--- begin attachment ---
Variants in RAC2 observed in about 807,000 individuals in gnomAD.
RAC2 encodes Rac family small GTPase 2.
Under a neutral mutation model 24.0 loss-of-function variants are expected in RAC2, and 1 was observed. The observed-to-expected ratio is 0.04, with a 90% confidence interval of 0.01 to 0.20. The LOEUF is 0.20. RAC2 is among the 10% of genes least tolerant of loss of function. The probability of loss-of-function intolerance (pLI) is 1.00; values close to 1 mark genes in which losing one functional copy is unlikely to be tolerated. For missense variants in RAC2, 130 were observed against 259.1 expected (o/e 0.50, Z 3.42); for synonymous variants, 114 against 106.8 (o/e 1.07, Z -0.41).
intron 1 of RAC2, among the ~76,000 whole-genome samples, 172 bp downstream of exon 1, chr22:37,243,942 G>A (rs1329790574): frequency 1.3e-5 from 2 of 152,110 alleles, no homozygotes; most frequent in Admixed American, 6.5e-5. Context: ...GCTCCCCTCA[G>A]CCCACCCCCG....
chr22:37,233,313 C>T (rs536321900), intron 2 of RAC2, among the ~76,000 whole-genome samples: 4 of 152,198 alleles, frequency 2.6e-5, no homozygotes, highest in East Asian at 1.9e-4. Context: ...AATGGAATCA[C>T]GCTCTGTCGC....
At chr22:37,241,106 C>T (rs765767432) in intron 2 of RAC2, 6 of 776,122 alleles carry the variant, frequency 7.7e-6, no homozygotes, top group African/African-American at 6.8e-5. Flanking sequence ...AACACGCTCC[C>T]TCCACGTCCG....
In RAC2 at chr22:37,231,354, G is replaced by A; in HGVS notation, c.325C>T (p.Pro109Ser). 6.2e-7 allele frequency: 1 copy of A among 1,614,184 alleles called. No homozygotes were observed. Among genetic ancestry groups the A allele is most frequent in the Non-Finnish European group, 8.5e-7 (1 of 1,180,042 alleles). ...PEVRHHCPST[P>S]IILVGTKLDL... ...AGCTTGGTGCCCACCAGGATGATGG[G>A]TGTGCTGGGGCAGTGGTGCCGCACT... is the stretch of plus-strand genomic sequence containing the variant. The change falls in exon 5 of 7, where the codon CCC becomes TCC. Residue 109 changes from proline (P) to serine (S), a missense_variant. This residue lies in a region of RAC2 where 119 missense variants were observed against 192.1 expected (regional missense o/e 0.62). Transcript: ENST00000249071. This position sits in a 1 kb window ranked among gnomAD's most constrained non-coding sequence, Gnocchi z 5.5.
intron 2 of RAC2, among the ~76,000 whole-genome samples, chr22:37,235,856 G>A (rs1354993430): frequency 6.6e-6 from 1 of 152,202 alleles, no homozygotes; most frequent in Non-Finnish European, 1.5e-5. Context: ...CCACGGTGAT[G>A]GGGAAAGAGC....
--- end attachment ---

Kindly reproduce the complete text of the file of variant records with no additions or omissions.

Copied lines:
Variants in RAC2 observed in about 807,000 individuals in gnomAD.
RAC2 encodes Rac family small GTPase 2.
Under a neutral mutation model 24.0 loss-of-function variants are expected in RAC2, and 1 was observed. The observed-to-expected ratio is 0.04, with a 90% confidence interval of 0.01 to 0.20. The LOEUF is 0.20. RAC2 is among the 10% of genes least tolerant of loss of function. The probability of loss-of-function intolerance (pLI) is 1.00; values close to 1 mark genes in which losing one functional copy is unlikely to be tolerated. For missense variants in RAC2, 130 were observed against 259.1 expected (o/e 0.50, Z 3.42); for synonymous variants, 114 against 106.8 (o/e 1.07, Z -0.41).
intron 1 of RAC2, among the ~76,000 whole-genome samples, 172 bp downstream of exon 1, chr22:37,243,942 G>A (rs1329790574): frequency 1.3e-5 from 2 of 152,110 alleles, no homozygotes; most frequent in Admixed American, 6.5e-5. Context: ...GCTCCCCTCA[G>A]CCCACCCCCG....
chr22:37,233,313 C>T (rs536321900), intron 2 of RAC2, among the ~76,000 whole-genome samples: 4 of 152,198 alleles, frequency 2.6e-5, no homozygotes, highest in East Asian at 1.9e-4. Context: ...AATGGAATCA[C>T]GCTCTGTCGC....
At chr22:37,241,106 C>T (rs765767432) in intron 2 of RAC2, 6 of 776,122 alleles carry the variant, frequency 7.7e-6, no homozygotes, top group African/African-American at 6.8e-5. Flanking sequence ...AACACGCTCC[C>T]TCCACGTCCG....
In RAC2 at chr22:37,231,354, G is replaced by A; in HGVS notation, c.325C>T (p.Pro109Ser). 6.2e-7 allele frequency: 1 copy of A among 1,614,184 alleles called. No homozygotes were observed. Among genetic ancestry groups the A allele is most frequent in the Non-Finnish European group, 8.5e-7 (1 of 1,180,042 alleles). ...PEVRHHCPST[P>S]IILVGTKLDL... ...AGCTTGGTGCCCACCAGGATGATGG[G>A]TGTGCTGGGGCAGTGGTGCCGCACT... is the stretch of plus-strand genomic sequence containing the variant. The change falls in exon 5 of 7, where the codon CCC becomes TCC. Residue 109 changes from proline (P) to serine (S), a missense_variant. This residue lies in a region of RAC2 where 119 missense variants were observed against 192.1 expected (regional missense o/e 0.62). Transcript: ENST00000249071. This position sits in a 1 kb window ranked among gnomAD's most constrained non-coding sequence, Gnocchi z 5.5.
intron 2 of RAC2, among the ~76,000 whole-genome samples, chr22:37,235,856 G>A (rs1354993430): frequency 6.6e-6 from 1 of 152,202 alleles, no homozygotes; most frequent in Non-Finnish European, 1.5e-5. Context: ...CCACGGTGAT[G>A]GGGAAAGAGC....